NASA tracks a weaker Typhoon Wutip through northwestern Pacific
Visible imagery from NASA's Terra satellite showed that Typhoon Wutip has become more elongated as a result of wind shear.
On February 27, 2019 the Moderate Resolution Imaging Spectroradiometer or MODIS instrument aboard NASA's Terra satellite provided a visible image of Typhoon Wutip in the Northwestern Pacific Ocean. The image showed Wutip no longer has an eye and the storm has elongated from southwest to northeast.
The Joint Typhoon Warning Center noted that "Animated enhanced infrared satellite imagery shows that deep convection located around the low level circulation center has rapidly decreased."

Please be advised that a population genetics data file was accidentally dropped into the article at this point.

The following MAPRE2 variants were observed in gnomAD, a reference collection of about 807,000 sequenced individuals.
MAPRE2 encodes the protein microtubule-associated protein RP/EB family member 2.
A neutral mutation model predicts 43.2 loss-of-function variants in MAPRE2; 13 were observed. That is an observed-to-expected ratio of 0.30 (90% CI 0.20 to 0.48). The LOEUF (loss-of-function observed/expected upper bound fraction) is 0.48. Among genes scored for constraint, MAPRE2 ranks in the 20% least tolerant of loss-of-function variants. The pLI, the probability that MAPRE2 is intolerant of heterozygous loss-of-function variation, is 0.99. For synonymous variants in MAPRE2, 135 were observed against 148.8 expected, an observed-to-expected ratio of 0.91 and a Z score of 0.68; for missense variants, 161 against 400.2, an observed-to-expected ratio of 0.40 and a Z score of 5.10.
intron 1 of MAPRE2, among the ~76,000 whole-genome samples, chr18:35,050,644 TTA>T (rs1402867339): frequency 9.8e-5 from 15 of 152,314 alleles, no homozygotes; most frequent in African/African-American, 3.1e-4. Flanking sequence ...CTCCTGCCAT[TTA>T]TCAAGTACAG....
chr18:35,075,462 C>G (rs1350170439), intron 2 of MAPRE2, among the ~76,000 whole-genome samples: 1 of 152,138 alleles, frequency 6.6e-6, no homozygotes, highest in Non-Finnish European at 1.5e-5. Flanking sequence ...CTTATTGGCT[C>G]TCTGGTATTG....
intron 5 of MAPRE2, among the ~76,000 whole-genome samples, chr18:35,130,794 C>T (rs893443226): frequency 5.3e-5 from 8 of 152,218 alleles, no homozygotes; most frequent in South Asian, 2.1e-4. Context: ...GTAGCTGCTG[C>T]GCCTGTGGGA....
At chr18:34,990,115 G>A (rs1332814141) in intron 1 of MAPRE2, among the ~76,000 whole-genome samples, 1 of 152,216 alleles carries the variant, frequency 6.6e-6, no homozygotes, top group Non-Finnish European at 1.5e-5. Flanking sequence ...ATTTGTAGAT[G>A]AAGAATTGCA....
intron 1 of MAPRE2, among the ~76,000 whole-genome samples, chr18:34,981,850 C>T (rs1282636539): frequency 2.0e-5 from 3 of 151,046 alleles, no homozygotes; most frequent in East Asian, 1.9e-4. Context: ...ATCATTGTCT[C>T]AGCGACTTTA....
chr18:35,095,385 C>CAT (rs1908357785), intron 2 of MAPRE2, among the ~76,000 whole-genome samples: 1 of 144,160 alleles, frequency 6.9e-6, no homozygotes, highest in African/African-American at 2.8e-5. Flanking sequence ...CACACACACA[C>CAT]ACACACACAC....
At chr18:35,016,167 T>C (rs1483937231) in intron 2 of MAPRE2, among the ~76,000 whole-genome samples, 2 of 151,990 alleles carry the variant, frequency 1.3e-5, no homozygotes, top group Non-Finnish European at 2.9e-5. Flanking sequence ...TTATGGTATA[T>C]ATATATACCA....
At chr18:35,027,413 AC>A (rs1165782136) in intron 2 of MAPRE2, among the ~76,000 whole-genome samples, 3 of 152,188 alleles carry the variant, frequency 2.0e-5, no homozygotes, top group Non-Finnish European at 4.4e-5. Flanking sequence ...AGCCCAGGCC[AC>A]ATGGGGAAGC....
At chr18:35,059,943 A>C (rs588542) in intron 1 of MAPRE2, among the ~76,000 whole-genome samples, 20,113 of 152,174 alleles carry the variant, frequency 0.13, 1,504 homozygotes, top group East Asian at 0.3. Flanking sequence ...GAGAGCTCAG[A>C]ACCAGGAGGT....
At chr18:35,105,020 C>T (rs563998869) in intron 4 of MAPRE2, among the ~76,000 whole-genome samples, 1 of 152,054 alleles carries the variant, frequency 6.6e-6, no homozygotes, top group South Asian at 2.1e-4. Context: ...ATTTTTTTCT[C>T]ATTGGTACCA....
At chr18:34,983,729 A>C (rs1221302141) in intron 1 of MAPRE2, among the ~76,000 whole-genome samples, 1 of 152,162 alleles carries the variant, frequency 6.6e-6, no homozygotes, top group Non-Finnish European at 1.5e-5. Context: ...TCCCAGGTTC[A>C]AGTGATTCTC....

On February 27, 2019 at 7 p.m. CHST/4 a.m. EDT/0900 UTC the National Weather Service of Tiyan, Guam noted Typhoon Wutip was located near Latitude 16.3 degrees North and Longitude 139.4 degrees East. That's about 410 miles west-northwest of Guam, and about 430 miles west-northwest of Saipan. Wutip is moving north-northwest at 6 mph. It is expected to make a turn toward the west-northwest with an increase in forward speed over the next 24 hours. Maximum sustained winds have decreased to 90 mph. Wutip is forecast to continue to weaken the next few days.
JTWC forecasts that Wutip will track northwestward and vertical wind shear will continue to disrupt the remaining convection associated with it. Wutip will continue to rapidly decrease in intensity and the storm is forecast to become a depression in a day or two.